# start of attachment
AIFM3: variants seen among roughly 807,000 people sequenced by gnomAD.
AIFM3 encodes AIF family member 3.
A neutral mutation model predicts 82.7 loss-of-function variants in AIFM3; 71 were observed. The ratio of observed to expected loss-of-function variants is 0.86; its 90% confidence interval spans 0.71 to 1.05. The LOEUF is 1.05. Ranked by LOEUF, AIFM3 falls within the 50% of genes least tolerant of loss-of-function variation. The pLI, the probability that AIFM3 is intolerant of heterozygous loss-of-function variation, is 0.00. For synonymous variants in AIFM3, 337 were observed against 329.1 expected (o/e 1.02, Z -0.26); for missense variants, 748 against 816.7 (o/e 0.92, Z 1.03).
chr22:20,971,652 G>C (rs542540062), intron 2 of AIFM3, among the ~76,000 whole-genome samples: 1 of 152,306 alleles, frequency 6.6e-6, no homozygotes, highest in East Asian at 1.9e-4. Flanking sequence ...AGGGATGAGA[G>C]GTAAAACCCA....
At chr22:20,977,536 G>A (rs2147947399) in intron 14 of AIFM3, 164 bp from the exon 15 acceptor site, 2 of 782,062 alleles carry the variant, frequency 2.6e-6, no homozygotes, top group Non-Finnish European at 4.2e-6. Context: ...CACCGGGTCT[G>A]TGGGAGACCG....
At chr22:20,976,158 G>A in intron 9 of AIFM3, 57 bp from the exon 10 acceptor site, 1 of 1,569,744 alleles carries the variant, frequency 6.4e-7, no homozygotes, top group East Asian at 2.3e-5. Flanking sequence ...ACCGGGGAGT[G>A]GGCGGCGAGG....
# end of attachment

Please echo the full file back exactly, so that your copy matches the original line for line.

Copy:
AIFM3: variants seen among roughly 807,000 people sequenced by gnomAD.
AIFM3 encodes AIF family member 3.
A neutral mutation model predicts 82.7 loss-of-function variants in AIFM3; 71 were observed. The ratio of observed to expected loss-of-function variants is 0.86; its 90% confidence interval spans 0.71 to 1.05. The LOEUF is 1.05. Ranked by LOEUF, AIFM3 falls within the 50% of genes least tolerant of loss-of-function variation. The pLI, the probability that AIFM3 is intolerant of heterozygous loss-of-function variation, is 0.00. For synonymous variants in AIFM3, 337 were observed against 329.1 expected (o/e 1.02, Z -0.26); for missense variants, 748 against 816.7 (o/e 0.92, Z 1.03).
chr22:20,971,652 G>C (rs542540062), intron 2 of AIFM3, among the ~76,000 whole-genome samples: 1 of 152,306 alleles, frequency 6.6e-6, no homozygotes, highest in East Asian at 1.9e-4. Flanking sequence ...AGGGATGAGA[G>C]GTAAAACCCA....
At chr22:20,977,536 G>A (rs2147947399) in intron 14 of AIFM3, 164 bp from the exon 15 acceptor site, 2 of 782,062 alleles carry the variant, frequency 2.6e-6, no homozygotes, top group Non-Finnish European at 4.2e-6. Context: ...CACCGGGTCT[G>A]TGGGAGACCG....
At chr22:20,976,158 G>A in intron 9 of AIFM3, 57 bp from the exon 10 acceptor site, 1 of 1,569,744 alleles carries the variant, frequency 6.4e-7, no homozygotes, top group East Asian at 2.3e-5. Flanking sequence ...ACCGGGGAGT[G>A]GGCGGCGAGG....